AmericanCatholic.org
 
Skip Navigation Links
Home
Catholic News
Saints
Seasonal
Special Reports
Movies
Shopping
Donate
Share:
Facebook
Twitter
Google Plus
LinkedIn
Email
RSS Feeds

advertisement

Saint of the Day—available on the iPhone!

Saint of the Day
Catholic saints are holy people and human people who lived extraordinary lives. Each saint the Church honors responded to God's invitation to use his or her unique gifts. God calls each one of us to be a saint. Click here to receive Saint of the Day in your email.

March 14
St. Maximilian
(d. 295)


Size: A A

We have an early, precious, almost unembellished account of the martyrdom of St. Maximilian in modern-day Algeria.

Brought before the proconsul Dion, Maximilian refused enlistment in the Roman army saying, "I cannot serve, I cannot do evil. I am a Christian."

Dion replied: "You must serve or die."

Maximilian: "I will never serve. You can cut off my head, but I will not be a soldier of this world, for I am a soldier of Christ. My army is the army of God, and I cannot fight for this world. I tell you I am a Christian."

Dion: "There are Christian soldiers serving our rulers Diocletian and Maximian, Constantius and Galerius."

Maximilian: "That is their business. I also am a Christian, and I cannot serve."

Dion: "But what harm do soldiers do?"

Maximilian: "You know well enough."

Dion: "If you will not do your service I shall condemn you to death for contempt of the army."

Maximilian: "I shall not die. If I go from this earth, my soul will live with Christ my Lord."

Maximilian was 21 years old when he gladly offered his life to God. His father went home from the execution site joyful, thanking God that he had been able to offer heaven such a gift.




Saturday, March 14, 2015
Saint of the Day for 3/13/2015 Saint of the Day for 3/15/2015

Saint of the Day
Lives, Lessons and Feast
By Leonard Foley, O.F.M.; revised by Pat McCloskey, O.F.M.



Listen to "Saint of the Day": Help



Subscribe to "Saint of the Day":





Philip Neri: Philip Neri was a sign of contradiction, combining popularity with piety against the background of a corrupt Rome and a disinterested clergy, the whole post-Renaissance malaise.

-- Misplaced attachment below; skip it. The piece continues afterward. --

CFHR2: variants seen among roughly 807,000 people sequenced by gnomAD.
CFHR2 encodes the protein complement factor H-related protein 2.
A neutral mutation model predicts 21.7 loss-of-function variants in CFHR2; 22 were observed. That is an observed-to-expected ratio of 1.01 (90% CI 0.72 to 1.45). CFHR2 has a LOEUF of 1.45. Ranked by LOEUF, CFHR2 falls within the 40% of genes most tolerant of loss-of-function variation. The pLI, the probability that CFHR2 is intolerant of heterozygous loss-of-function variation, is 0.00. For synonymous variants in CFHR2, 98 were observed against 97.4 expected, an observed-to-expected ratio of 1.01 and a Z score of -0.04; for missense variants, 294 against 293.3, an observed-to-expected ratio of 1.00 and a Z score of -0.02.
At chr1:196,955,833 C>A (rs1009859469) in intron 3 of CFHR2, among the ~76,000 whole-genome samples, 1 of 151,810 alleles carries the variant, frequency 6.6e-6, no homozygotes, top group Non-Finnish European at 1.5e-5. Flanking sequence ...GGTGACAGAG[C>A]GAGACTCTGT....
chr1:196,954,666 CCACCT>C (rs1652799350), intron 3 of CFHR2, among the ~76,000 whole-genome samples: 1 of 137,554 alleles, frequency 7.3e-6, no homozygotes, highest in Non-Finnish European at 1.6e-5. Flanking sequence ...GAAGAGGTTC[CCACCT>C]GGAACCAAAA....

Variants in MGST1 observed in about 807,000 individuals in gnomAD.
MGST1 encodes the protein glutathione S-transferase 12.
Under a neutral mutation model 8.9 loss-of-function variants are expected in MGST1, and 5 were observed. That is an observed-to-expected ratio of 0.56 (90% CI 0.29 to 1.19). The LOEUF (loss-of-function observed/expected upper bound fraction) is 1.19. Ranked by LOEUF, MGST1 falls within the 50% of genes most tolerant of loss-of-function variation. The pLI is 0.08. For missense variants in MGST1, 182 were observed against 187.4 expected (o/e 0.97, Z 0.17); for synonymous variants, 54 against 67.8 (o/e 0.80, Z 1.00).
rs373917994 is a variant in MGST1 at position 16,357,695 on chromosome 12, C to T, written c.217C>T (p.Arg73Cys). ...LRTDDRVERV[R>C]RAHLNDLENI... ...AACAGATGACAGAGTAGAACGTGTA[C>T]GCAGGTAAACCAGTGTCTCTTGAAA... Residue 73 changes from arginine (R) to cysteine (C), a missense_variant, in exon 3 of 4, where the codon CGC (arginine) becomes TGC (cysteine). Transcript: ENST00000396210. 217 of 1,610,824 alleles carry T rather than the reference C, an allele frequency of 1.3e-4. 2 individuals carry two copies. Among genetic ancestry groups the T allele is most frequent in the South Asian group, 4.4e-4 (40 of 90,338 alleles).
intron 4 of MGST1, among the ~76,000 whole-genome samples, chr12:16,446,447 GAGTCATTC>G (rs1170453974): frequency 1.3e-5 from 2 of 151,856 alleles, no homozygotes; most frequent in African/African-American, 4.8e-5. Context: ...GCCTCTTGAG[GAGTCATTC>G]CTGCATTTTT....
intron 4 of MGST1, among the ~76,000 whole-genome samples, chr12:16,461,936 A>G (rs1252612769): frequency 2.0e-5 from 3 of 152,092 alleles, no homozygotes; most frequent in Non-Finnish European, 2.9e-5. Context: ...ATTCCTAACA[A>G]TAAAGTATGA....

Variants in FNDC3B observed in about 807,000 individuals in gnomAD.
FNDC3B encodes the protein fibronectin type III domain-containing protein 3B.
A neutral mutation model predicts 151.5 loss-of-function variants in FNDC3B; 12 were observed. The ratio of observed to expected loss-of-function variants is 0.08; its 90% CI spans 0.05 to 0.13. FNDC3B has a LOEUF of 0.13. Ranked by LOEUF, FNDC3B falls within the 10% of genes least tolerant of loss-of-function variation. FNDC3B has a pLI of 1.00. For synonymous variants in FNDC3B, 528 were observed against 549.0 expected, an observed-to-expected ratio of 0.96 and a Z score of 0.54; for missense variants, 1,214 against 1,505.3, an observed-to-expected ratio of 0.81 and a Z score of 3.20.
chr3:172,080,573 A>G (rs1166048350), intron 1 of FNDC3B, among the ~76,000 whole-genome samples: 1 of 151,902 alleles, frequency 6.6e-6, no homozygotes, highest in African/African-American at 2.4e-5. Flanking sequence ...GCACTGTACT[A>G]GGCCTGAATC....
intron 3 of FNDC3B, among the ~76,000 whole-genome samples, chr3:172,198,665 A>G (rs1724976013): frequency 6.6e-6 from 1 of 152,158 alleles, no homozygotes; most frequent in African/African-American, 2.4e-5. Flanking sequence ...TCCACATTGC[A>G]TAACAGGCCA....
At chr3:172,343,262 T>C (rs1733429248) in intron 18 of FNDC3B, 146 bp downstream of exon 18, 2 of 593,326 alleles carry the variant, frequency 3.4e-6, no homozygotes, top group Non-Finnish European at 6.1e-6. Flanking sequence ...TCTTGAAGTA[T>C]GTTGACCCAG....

<p>At an early age, he abandoned the chance to become a businessman, moved to Rome from Florence and devoted his life and individuality to God. After three years of philosophy and theology studies, he gave up any thought of ordination. The next 13 years were spent in a vocation unusual at the time—that of a layperson actively engaged in prayer and the apostolate. </p><p>As the Council of Trent (1545-63) was reforming the Church on a doctrinal level, Philip’s appealing personality was winning him friends from all levels of society, from beggars to cardinals. He rapidly gathered around himself a group of laypersons won over by his audacious spirituality. Initially they met as an informal prayer and discussion group, and also served poor people in Rome. </p><p>At the urging of his confessor, he was ordained a priest and soon became an outstanding confessor, gifted with the knack of piercing the pretenses and illusions of others, though always in a charitable manner and often with a joke. He arranged talks, discussions and prayers for his penitents in a room above the church. He sometimes led “excursions” to other churches, often with music and a picnic on the way. </p><p>Some of his followers became priests and lived together in community. This was the beginning of the Oratory, the religious institute he founded. A feature of their life was a daily afternoon service of four informal talks, with vernacular hymns and prayers. Giovanni Palestrina was one of Philip’s followers, and composed music for the services. </p><p>The Oratory was finally approved after suffering through a period of accusations of being an assembly of heretics, where laypersons preached and sang vernacular hymns! (Cardinal Newman founded the first English-speaking house of the Oratory three centuries later.) </p><p>Philip’s advice was sought by many of the prominent figures of his day. He is one of the influential figures of the Counter-Reformation, mainly for converting to personal holiness many of the influential people within the Church itself. His characteristic virtues were humility and gaiety.</p> American Catholic Blog When we suffer, we don’t just come to understand the pain of Christ’s cross more, we come to understand the depth of God’s love for us: that he would endure such pain for us—in our place. We have a God who endured death so we would never have to do so.

Find Other Saint Resources!

Walk Softly and Carry a Great Bag



 
CATHOLIC GREETINGS
Birthday
Best wishes for a joyous and peaceful birthday!

Memorial Day (U.S.)
Remember today all those who have fought and died for peace.

Pentecost
As Church we rely on the Holy Spirit to form us in the image of Christ.

Graduation
Let a special graduate know how proud you are of their accomplishment.

Friendship
Catholic Greetings e-cards help you connect with long-distance friends.



Come find us at: Facebook | St. Anthony Messenger magazine Twitter | American Catholic YouTube | American Catholic


An AmericanCatholic.org Site from the Franciscans and Franciscan Media Copyright © 1996 - 2015